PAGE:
How Kathleen Sebelius Should Have Handled Her Daily Show Interview

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"How Kathleen Sebelius Should Have Handled Her Daily Show Interview"

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Jon Stewart grilled Health and Human Services Secretary Kathleen Sebelius about the implementation of Obamacare on The Daily Show Monday night, demanding to know why the administration granted businesses with more than 50 employees a one year reprieve from the employer responsibility provisions in Obamacare, but is still penalizing individuals for not purchasing health care coverage this year.

Here, Sebelius flailed: she first argued that most large businesses are already complying with the coverage requirement, then said that small businesses are exempt from any mandates and finally settled on, “nothing that helps an individual get coverage has been delayed at all.”

The triangulation didn’t satisfy Stewart and for good reason. Sebelius failed to state the obvious: the government delayed the business mandate — a provision that applies to just 4 percent of businesses — because it is extraneous to reform; the individual mandate is central to it. And, maintaining the delicate balance of the law’s health care marketplaces and keeping premiums affordable is more important than the perceived unfairness of starting two separate provisions a year apart.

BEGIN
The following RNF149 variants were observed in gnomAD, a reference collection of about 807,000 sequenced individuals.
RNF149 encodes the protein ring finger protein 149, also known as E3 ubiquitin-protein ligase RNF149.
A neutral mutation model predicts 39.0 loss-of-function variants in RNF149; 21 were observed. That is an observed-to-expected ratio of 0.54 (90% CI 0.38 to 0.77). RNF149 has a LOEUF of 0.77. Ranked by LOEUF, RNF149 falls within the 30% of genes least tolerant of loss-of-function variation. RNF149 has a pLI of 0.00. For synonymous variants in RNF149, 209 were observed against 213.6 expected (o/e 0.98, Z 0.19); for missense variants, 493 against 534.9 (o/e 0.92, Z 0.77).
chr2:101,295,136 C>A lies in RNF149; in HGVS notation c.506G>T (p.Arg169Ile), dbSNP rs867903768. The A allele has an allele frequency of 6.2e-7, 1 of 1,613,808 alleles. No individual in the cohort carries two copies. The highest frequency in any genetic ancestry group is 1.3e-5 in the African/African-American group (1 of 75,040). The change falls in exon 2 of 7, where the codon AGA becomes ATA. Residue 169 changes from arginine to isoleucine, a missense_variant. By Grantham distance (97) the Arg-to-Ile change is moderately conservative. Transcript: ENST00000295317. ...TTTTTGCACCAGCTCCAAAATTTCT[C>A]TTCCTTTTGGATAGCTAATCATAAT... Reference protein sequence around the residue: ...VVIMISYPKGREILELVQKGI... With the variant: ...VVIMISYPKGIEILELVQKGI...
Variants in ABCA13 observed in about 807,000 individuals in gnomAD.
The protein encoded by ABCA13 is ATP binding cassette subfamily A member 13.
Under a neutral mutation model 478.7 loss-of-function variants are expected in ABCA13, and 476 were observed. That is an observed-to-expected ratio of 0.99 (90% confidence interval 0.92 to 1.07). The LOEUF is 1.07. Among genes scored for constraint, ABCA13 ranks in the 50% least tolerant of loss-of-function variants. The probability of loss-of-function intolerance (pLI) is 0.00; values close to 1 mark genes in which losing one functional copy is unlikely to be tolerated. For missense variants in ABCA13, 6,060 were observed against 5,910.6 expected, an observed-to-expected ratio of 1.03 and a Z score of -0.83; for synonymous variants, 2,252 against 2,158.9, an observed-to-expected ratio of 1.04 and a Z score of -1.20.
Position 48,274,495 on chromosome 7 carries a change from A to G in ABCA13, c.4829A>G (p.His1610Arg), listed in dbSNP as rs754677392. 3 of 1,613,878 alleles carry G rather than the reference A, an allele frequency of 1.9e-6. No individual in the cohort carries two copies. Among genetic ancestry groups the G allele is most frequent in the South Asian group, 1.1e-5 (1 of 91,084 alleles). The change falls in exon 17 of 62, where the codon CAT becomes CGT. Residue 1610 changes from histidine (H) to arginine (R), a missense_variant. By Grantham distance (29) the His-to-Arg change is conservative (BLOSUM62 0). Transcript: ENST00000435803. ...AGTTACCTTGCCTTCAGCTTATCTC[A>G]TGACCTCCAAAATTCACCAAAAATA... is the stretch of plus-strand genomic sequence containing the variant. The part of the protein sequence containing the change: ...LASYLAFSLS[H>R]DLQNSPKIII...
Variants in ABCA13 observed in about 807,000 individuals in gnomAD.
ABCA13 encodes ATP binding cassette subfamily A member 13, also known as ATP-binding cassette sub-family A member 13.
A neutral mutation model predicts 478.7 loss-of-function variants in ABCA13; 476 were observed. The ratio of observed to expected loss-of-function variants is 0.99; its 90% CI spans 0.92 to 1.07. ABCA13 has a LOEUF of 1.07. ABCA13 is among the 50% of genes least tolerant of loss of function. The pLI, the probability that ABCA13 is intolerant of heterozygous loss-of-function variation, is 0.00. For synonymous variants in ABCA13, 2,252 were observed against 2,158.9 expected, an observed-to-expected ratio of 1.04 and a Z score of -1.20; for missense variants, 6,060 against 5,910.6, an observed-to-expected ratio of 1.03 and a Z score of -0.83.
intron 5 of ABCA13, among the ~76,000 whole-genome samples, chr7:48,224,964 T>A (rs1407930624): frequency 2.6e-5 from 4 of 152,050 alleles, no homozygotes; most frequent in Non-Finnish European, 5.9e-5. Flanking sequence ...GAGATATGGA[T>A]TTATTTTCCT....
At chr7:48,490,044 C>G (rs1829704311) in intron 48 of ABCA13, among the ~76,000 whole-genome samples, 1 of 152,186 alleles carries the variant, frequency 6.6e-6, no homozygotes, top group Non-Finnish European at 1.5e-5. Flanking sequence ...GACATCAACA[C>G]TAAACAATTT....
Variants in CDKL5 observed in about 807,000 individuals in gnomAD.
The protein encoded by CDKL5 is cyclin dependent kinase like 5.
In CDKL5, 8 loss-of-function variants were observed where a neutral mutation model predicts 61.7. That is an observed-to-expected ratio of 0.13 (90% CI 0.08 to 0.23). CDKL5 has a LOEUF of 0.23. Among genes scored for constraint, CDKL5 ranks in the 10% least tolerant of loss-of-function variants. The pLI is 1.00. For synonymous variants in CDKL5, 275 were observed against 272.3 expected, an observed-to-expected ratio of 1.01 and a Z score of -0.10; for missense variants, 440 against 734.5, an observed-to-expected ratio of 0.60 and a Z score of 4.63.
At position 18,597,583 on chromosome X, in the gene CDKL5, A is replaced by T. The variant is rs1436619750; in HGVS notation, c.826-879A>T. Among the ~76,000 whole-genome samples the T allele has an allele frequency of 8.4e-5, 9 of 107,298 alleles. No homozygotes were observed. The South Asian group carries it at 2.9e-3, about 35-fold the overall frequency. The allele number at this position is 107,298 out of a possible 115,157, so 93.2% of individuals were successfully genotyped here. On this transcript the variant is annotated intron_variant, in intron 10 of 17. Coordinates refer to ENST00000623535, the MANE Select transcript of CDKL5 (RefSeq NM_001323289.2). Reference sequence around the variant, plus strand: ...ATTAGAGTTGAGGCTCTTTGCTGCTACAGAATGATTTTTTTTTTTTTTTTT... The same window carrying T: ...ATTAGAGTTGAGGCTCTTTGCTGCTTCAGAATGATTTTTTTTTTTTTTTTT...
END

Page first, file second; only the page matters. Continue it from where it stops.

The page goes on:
The fact is, the administration passed Obamacare to correct an unfairness in the health system that allowed insurance companies to cherry pick who got coverage, how much they paid for coverage, and when that coverage could be terminated. Before Obamacare became the law of the land, people lost their insurance if they lost their jobs and often found themselves one illness away from bankruptcy. The nation’s health care system was unfair to them and to the insured population, which paid higher premiums as a result.

The new Obamacare marketplaces aim to level the playing field by extending insurance coverage to everyone. But those markets can’t function unless everyone takes responsibility for their own health care costs and buys insurance now, not a year from now. Young, uninsured and healthy Americans have to start paying into the system as soon as possible, financing the care of today’s sick so that they too will have their future health care bills paid for.

That’s the basic tenet of insurance and if the administration agreed to delay that component, it would treat millions of Americans unfairly. As a result, young and healthy people would be less likely to purchase insurance, increasing premiums for everyone who enrolls in coverage in the health care exchanges and pricing 11 million people out of the market in 2014. This is the price for the false equivalence Stewart is proposing.

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